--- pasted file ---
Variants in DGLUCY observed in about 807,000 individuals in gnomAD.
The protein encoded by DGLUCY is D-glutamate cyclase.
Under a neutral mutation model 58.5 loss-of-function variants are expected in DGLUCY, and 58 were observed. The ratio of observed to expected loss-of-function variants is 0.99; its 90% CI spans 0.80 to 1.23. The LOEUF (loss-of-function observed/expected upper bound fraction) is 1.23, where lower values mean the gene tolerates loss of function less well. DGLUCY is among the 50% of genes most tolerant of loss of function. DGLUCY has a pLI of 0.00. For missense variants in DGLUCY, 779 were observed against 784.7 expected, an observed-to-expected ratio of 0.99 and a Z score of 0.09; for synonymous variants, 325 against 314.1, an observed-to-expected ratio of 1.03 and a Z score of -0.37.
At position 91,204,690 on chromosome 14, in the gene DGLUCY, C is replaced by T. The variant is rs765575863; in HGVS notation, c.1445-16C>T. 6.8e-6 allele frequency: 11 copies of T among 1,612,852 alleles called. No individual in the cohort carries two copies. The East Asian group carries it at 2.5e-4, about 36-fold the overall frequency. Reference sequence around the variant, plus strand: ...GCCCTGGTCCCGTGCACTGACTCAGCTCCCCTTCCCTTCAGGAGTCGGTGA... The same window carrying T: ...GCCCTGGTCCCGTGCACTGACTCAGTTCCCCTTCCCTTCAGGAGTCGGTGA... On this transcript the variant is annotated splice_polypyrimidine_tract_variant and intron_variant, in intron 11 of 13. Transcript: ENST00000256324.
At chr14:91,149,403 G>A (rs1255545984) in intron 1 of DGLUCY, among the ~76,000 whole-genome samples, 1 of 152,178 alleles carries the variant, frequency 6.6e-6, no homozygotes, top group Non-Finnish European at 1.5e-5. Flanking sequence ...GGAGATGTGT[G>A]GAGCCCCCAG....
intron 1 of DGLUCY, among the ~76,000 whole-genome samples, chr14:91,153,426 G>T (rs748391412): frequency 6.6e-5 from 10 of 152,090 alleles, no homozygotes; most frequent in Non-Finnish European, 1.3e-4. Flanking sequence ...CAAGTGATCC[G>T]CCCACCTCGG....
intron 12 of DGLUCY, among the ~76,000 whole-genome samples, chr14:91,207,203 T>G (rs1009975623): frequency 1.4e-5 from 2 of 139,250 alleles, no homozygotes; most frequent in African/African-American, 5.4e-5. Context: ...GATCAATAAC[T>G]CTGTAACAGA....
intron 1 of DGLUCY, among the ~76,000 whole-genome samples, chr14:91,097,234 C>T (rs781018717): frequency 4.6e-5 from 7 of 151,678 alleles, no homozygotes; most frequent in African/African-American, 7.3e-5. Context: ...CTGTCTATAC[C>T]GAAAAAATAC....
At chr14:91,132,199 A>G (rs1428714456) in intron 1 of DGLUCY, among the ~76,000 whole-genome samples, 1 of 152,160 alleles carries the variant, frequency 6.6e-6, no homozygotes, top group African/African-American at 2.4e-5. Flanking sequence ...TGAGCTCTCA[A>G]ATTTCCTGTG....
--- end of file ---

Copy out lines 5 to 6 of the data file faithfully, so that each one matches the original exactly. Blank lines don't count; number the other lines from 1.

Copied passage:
At chr14:91,149,403 G>A (rs1255545984) in intron 1 of DGLUCY, among the ~76,000 whole-genome samples, 1 of 152,178 alleles carries the variant, frequency 6.6e-6, no homozygotes, top group Non-Finnish European at 1.5e-5. Flanking sequence ...GGAGATGTGT[G>A]GAGCCCCCAG....
intron 1 of DGLUCY, among the ~76,000 whole-genome samples, chr14:91,153,426 G>T (rs748391412): frequency 6.6e-5 from 10 of 152,090 alleles, no homozygotes; most frequent in Non-Finnish European, 1.3e-4. Flanking sequence ...CAAGTGATCC[G>T]CCCACCTCGG....